- The river influenced human settlement patterns, uniting as well as dividing.
Human interaction with the Delta environment varied with the diverse cultural
groups that inhabited the region. Prehistoric hunting practices and settlement
patterns were the first human influences on the Deltaís landscape. To a greater
or lesser degree successive generations of people manipulated the Delta landscape
to make the land inhabitable and to exploit its rich and abundant natural resources
for trade and commerce.
- The building of dams, levees, and locks altered, and in some cases, eliminated
the natural shoreline, wetlands, and hardwoods and contributed to the human
occupation of the landscape.
- The Flood of 1927 was the largest hydrologic event of this century. It signaled
the end of a levee systemís ability to control floods.
- Farming, agricultural mechanization, pesticide use, lumbering, manufacturing,
and other practices led to erosion problems and water pollution.
- The environmental awareness that began in the 1970s positively influenced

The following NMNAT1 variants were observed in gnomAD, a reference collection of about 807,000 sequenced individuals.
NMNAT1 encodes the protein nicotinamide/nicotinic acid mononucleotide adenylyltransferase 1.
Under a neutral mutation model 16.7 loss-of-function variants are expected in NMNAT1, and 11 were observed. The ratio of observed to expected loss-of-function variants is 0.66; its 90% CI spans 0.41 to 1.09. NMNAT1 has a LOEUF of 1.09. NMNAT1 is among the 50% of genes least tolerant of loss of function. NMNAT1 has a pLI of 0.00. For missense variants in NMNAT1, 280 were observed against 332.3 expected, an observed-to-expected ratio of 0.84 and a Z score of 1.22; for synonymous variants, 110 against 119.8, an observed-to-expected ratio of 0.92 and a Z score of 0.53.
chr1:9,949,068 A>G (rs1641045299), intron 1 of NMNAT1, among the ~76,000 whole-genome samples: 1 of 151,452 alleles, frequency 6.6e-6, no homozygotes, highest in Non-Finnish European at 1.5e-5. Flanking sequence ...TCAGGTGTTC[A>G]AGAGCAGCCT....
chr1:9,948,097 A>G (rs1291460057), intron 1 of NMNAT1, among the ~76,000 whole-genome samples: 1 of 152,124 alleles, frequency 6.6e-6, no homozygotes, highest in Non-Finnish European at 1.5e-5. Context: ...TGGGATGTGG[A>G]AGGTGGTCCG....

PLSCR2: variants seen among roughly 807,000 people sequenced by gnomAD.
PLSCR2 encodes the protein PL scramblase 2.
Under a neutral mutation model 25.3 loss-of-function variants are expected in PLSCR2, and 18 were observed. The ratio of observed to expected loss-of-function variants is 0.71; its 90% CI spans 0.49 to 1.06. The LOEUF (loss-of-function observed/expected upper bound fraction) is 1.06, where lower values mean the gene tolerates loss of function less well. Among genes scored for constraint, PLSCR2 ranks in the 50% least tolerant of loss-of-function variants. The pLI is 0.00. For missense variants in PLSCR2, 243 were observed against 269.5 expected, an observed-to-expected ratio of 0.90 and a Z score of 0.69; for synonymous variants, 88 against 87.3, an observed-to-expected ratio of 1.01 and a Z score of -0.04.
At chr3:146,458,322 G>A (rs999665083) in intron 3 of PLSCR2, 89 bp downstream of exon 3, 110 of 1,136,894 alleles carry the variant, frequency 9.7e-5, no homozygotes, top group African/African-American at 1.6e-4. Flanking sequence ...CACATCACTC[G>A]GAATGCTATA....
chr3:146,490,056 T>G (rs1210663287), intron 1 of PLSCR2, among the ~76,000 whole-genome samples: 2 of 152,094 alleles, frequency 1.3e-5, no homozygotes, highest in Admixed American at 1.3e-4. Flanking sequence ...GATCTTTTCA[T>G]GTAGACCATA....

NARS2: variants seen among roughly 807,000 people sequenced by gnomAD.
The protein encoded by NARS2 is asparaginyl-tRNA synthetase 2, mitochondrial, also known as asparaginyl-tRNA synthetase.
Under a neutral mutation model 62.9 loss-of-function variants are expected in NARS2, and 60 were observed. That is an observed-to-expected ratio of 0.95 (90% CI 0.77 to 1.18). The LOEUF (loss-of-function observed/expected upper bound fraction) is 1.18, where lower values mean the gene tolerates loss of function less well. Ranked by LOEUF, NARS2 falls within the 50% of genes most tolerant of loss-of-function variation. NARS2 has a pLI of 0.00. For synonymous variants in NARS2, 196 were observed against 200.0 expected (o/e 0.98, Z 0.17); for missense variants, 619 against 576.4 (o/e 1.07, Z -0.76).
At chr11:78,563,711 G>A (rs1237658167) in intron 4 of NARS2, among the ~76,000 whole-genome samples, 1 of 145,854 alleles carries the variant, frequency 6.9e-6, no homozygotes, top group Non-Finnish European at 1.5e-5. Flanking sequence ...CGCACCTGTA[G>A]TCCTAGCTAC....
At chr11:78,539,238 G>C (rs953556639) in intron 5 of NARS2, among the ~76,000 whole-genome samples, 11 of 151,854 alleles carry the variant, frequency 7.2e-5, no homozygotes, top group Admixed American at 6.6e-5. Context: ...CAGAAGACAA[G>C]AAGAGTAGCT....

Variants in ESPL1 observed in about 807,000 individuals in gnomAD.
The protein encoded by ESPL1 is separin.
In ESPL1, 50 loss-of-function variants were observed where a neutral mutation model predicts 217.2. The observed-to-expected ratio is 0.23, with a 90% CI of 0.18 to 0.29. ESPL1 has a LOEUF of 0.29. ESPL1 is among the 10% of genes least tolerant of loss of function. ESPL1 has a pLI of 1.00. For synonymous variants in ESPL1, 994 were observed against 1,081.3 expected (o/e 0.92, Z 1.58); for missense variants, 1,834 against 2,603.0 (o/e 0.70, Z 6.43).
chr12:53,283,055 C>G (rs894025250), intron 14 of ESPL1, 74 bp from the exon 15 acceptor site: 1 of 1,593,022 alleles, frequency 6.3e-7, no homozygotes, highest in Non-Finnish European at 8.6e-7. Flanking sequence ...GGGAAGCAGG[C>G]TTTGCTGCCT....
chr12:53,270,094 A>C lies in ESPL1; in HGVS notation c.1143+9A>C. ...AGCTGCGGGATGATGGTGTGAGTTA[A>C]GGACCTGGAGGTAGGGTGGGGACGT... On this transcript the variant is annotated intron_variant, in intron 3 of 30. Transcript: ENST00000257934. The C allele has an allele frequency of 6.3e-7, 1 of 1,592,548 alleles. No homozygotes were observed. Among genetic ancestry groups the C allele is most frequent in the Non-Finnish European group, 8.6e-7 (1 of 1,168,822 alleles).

floodway improvements, levee construction, clean water issues, and wetlands
- The effect of technology on the human environment, such as air conditioning,
changed living conditions for everyone.
The story of the Delta is the story of its people and its rich cultural heritage.
The convergence of Native, European, African, Caribbean, Asian, and many other
cultures to the Delta resulted in a complex and multilayered society.
- The Deltaís earliest inhabitants left evidence of 12,000 years of human
life that preceded the arrival of Europeans. Mound sites can still be seen
throughout the Delta, though the preservation of many are threatened.
- Native American peoples have a vital and distinct Delta story. Native American
cultures adapted and survived despite interaction and conflicts with non-native
cultures, e.g., exposure to disease to which they had no immunity and the
Indian removal policies of the 1830s. Native people had vital governments,
economies, social structures, and trade networks long before Europeans arrived
in the Delta.
- The legacy of African-Americans in the Delta is rich and varied. Once an
enslaved people, their labor built much of the plantation architecture visitors
see today. But slavery is only part of the story of African-Americans in the
Delta. Art, literature, science, technology, and music reflect the diversity
of contributions African-Americans made to the regionís and nationís rich
- The Delta tells a story of the survival of the working poor, labor/work